Sports Illustrated has made many good choices about how to present its content on Facebook Timeline. One of the features it uses best is the Questions platform. We’ve talked about how to not be obnoxious when using this tool, and the sports magazine is a great example of how to do it right.
Most of the questions ask fans to weigh in with their predictions for who will win major sporting events — from the Euro 2012 soccer cup, to Wimbledon. But other questions get Sports Illustrated readers thinking about individual players. It has also sparked discussions about the most overrated baseball players and the top NBA draft picks.
The other place where Sports Illustrated excels is in visual content. The magazine has a great crew of photographers to capture moments of great athleticism — and Facebook is a great place to show off their work. The company is also on Instagram; many of the photos appearing on Facebook are also posted on the photo-sharing website. Many of these shots are behind-the-scenes captures of interviews and photo shoots that give fans exclusive information about the sports, teams, and athletes they love.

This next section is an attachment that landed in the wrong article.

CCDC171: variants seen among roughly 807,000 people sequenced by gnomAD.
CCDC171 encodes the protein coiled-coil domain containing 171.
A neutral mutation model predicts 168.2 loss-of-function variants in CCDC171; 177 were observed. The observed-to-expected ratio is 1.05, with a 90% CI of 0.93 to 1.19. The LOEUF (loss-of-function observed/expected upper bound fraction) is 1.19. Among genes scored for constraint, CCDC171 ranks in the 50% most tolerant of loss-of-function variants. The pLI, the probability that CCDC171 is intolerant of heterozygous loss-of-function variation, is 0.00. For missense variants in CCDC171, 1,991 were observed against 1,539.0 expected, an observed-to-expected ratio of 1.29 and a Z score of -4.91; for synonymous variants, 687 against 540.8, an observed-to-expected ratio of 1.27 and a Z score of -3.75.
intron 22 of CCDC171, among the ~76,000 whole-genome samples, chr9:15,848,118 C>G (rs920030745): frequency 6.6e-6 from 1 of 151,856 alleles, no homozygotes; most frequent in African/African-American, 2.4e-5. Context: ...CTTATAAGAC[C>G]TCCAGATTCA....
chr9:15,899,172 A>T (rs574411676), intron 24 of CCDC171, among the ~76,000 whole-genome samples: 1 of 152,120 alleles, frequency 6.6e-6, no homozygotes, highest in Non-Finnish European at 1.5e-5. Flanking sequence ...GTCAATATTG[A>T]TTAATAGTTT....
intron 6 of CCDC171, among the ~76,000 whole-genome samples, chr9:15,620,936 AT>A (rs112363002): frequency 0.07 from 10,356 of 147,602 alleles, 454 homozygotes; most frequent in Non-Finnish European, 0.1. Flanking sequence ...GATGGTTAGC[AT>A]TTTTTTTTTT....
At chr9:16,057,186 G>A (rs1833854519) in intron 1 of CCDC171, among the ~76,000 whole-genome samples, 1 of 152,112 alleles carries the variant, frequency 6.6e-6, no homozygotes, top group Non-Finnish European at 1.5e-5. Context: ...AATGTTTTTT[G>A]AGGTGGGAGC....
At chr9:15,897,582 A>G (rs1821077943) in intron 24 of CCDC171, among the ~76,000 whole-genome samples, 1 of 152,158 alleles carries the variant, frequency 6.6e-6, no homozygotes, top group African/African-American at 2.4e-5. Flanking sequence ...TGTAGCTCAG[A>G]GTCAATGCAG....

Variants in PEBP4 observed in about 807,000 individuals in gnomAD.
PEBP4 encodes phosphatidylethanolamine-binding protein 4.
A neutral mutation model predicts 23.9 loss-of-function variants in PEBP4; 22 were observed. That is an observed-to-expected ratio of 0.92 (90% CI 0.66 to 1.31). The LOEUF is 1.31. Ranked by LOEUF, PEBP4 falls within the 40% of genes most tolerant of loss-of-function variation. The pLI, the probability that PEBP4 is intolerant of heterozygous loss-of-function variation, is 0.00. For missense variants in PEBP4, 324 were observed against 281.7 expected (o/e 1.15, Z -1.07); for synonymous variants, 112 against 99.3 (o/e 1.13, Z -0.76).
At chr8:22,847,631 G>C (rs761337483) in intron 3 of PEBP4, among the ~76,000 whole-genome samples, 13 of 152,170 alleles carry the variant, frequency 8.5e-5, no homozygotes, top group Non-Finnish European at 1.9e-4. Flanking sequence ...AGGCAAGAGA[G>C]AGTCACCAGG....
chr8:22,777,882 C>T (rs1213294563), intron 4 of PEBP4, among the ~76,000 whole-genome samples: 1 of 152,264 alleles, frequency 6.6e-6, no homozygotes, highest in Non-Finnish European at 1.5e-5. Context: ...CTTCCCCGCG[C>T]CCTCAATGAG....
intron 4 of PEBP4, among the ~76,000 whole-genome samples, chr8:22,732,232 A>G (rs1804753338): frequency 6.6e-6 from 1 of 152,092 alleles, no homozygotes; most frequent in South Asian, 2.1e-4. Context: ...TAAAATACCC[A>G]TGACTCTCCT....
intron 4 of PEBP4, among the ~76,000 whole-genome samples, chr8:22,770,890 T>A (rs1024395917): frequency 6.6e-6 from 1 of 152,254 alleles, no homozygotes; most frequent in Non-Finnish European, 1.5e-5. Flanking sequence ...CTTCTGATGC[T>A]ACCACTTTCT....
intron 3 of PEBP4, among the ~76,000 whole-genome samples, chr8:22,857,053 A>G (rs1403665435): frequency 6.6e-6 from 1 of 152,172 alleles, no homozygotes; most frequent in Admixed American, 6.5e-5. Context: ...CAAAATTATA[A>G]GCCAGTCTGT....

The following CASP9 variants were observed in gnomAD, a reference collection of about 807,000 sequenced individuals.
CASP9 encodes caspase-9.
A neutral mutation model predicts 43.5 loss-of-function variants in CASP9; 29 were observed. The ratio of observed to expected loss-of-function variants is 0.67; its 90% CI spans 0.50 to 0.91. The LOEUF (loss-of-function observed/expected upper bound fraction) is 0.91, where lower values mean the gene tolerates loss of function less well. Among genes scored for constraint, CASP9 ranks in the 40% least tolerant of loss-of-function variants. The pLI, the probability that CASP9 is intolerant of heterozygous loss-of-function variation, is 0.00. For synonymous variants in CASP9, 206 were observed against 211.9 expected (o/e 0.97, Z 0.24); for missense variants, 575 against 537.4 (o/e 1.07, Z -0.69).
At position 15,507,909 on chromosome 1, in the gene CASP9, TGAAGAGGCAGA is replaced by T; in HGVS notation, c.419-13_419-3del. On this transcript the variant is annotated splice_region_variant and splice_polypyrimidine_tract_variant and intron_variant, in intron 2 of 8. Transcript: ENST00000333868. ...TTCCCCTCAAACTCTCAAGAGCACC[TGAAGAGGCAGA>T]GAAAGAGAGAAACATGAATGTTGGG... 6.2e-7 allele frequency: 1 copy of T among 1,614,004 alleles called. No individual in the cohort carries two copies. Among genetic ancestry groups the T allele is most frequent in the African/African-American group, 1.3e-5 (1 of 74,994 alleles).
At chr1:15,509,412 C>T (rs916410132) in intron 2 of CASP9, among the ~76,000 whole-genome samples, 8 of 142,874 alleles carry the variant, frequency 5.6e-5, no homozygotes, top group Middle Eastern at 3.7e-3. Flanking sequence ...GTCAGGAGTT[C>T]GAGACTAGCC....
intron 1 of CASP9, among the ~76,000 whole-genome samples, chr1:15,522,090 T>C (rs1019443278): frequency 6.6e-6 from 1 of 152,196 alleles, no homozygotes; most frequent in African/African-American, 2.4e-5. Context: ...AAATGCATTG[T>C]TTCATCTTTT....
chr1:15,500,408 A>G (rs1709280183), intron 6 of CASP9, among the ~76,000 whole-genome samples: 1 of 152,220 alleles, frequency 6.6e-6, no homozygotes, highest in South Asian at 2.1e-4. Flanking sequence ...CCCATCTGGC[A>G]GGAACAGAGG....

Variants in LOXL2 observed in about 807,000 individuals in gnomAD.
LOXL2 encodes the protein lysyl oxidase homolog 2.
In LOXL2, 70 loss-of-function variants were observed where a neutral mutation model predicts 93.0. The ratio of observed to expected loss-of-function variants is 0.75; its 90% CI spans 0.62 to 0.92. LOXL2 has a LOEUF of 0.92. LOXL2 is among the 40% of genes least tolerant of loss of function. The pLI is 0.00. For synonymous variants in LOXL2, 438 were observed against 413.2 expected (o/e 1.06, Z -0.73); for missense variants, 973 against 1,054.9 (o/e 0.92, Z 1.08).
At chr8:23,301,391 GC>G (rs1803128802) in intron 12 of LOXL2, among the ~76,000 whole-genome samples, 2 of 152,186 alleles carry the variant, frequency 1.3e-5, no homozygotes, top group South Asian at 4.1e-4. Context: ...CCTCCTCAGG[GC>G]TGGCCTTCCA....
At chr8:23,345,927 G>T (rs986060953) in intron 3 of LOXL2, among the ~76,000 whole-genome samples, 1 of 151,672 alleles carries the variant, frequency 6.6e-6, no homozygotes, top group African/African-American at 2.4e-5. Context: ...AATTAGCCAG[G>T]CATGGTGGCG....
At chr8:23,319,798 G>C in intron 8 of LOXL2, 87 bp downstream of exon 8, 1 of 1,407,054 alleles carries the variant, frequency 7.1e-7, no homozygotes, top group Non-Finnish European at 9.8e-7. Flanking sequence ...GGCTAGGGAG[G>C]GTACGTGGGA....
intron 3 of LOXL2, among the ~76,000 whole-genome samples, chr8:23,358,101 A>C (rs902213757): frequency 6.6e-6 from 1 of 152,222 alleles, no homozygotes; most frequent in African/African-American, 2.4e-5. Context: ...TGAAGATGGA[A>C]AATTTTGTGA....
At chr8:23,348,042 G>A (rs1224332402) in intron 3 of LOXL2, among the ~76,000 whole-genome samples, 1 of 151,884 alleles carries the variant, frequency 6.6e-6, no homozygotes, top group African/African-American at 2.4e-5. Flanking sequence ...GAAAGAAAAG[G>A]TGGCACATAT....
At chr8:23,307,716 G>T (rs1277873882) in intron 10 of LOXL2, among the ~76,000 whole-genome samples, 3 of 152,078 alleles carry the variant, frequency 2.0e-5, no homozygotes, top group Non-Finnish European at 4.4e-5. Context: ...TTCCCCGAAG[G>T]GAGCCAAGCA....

3. The New York Times
We’ve already highlighted The New York Times here for its excellent use of Facebook Timeline. Its successful Facebook strategy goes beyond just its Timeline, however. The company has a well-curated Page highlighting articles from all sections of the newspaper. It understands the importance of good visual content, and has made good choices in terms of cover photos and the images attached to status posts.
The ongoing project to add important moments in American history to its list of milestones is one of the more notable successes for the Times. It helps reaffirm the role that photojournalism plays in the history of mankind. For example, the moon landing of the Apollo 11 in 1969 is the latest addition to the Page’s milestones.
Do you know a media company that’s a rock star on Facebook? Let us know in the comments!
[Image credit: Marcie Casas]